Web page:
So ${{f}_{1}}$ is not differentiable at $x=0$. So $P\to 2$
(ii) The first function is given by${{f}_{2}}\left( x \right)=\left\{ \begin{matrix} \dfrac{\left| \sin x \right|}{{{\tan }^{-1}}x},\text{if }x\ne 0, \\ 1,\text{if }x=0 \\ \end{matrix} \right.$. Testing for continuity at $x=0$,
\begin{align} & \text{LHL}=\underset{x\to {{0}^{-}}}{\mathop{\lim }}\,\dfrac{\left| \sin x \right|}{{{\tan }^{-1}}x}=\underset{h\to {{0}^{-}}}{\mathop{\lim }}\,\dfrac{\left| \sin x \right|}{{{\tan }^{-1}}x}=\dfrac{-\sin \left( -h \right)}{{{\tan }^{-}}\left( -h \right)}=-1 \\ & \text{RHL}=\underset{x\to {{0}^{+}}}{\mathop{\lim }}\,\dfrac{\left| \sin x \right|}{{{\tan }^{-1}}x}=\underset{h\to {{0}^{+}}}{\mathop{\lim }}\,\dfrac{\left| \sin x \right|}{{{\tan }^{-1}}x}=\dfrac{\sin \left( h \right)}{{{\tan }^{-}}\left( h \right)}=1 \\ \end{align}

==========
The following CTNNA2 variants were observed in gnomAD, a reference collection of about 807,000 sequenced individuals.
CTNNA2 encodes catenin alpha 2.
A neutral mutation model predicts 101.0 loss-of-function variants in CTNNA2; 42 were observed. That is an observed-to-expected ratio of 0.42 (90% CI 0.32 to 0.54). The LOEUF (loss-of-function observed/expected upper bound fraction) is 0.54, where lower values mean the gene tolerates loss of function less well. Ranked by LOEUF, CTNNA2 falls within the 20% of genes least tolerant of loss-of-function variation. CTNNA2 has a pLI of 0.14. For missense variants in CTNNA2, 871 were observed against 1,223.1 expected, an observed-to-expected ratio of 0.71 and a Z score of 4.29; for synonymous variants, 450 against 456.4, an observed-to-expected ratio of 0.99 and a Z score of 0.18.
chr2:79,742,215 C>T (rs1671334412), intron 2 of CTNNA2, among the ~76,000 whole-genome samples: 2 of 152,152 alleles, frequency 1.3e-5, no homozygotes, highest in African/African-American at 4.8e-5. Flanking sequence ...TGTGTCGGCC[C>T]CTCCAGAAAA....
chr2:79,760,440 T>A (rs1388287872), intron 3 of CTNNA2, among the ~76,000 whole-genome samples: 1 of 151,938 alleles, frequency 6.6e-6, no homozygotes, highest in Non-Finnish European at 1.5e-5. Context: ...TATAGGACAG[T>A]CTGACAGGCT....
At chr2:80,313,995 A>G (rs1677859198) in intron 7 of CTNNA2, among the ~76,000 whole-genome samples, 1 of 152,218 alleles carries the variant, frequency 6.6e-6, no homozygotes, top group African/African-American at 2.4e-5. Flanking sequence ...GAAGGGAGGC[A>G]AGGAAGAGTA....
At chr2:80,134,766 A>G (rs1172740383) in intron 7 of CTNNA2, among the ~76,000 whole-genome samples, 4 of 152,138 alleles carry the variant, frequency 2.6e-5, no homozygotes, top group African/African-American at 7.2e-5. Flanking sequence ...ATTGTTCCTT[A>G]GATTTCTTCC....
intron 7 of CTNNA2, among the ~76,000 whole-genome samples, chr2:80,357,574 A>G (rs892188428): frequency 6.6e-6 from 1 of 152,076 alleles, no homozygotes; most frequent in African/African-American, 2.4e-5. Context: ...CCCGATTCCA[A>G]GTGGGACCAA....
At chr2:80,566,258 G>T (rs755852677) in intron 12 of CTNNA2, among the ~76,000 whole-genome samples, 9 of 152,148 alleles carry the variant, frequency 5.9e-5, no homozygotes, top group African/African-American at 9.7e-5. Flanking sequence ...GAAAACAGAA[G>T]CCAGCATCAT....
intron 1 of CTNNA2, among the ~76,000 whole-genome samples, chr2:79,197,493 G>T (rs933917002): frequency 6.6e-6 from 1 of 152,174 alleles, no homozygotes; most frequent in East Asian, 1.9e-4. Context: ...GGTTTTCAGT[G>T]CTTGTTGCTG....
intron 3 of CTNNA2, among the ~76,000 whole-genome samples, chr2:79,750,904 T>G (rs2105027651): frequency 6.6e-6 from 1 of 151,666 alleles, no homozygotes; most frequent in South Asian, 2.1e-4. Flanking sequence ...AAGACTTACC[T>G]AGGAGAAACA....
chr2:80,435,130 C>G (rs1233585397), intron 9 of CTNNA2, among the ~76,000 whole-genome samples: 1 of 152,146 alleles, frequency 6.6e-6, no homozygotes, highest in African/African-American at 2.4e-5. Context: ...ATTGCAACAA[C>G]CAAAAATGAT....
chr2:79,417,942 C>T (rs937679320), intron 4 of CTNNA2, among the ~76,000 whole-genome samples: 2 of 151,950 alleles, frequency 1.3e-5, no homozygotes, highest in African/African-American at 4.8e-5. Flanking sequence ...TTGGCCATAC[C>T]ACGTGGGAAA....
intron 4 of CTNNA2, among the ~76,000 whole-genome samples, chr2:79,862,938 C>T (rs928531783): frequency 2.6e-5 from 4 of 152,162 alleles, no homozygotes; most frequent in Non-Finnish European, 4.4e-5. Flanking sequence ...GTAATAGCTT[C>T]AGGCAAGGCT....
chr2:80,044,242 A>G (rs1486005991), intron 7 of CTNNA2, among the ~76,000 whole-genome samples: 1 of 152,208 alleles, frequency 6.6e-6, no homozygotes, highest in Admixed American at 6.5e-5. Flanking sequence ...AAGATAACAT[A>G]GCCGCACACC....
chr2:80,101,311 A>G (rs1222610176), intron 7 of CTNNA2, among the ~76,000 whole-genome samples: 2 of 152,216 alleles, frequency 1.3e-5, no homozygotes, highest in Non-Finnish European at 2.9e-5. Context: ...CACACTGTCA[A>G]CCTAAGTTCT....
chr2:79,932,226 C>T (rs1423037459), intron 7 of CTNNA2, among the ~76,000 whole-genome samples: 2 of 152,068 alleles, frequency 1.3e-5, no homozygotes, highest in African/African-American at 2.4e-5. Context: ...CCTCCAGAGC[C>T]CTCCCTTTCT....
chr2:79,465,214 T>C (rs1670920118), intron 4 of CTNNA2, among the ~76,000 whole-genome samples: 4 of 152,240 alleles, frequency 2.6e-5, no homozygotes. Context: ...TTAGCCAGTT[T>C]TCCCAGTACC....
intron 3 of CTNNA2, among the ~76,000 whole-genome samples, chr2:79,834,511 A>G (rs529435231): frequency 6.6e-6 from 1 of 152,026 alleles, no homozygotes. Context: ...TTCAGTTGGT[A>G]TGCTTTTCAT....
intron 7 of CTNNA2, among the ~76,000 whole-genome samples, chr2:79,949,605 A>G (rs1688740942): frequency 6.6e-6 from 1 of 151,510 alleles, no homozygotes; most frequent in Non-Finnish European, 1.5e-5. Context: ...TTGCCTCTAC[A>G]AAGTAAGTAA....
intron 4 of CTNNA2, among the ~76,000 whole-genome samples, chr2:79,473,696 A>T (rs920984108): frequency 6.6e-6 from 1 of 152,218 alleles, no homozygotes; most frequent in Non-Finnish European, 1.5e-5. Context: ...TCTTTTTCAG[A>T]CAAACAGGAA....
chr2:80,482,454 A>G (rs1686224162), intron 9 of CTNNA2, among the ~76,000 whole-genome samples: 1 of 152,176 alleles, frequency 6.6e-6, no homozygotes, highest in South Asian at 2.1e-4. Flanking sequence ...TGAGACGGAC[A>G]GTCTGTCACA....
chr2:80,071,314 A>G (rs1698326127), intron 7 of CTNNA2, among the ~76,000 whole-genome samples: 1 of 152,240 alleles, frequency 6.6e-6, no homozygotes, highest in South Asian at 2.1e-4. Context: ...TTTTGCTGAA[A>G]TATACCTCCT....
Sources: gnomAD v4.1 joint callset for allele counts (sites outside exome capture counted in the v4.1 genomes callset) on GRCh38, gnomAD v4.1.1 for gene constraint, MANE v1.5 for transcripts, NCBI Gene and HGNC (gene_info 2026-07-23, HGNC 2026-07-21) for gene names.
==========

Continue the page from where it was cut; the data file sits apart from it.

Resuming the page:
As LHL and RHL are not same , ${{f}_{2}}$ is not continuous at $x=0$. So $Q\to 2$.
(iii) The third function is given by ${{f}_{3}}\left( x \right)=\left[ \sin \left( {{\log }_{e}}\left( x\text{ }+\text{ }2 \right) \right) \right]$ . Testing for continuity at $x=0$,
\begin{align} & \text{LHL}=\underset{x\to {{0}^{-}}}{\mathop{\lim }}\,\left[ \sin \left( {{\log }_{e}}\left( x\text{ }+\text{ }2 \right) \right) \right]=0 \\ & \text{RHL}=\underset{x\to {{0}^{+}}}{\mathop{\lim }}\,\left[ \sin \left( {{\log }_{e}}\left( x\text{ }+\text{ }2 \right) \right) \right]=0 \\ & {{f}_{3}}\left( 0 \right)=\left[ \sin \left( {{\log }_{e}}\left( \text{0 }+\text{ }2 \right) \right) \right]=0 \\ \end{align}
So ${{f}_{3}}$ is continuous at $x=0$. Testing for differentiability at $x=0$,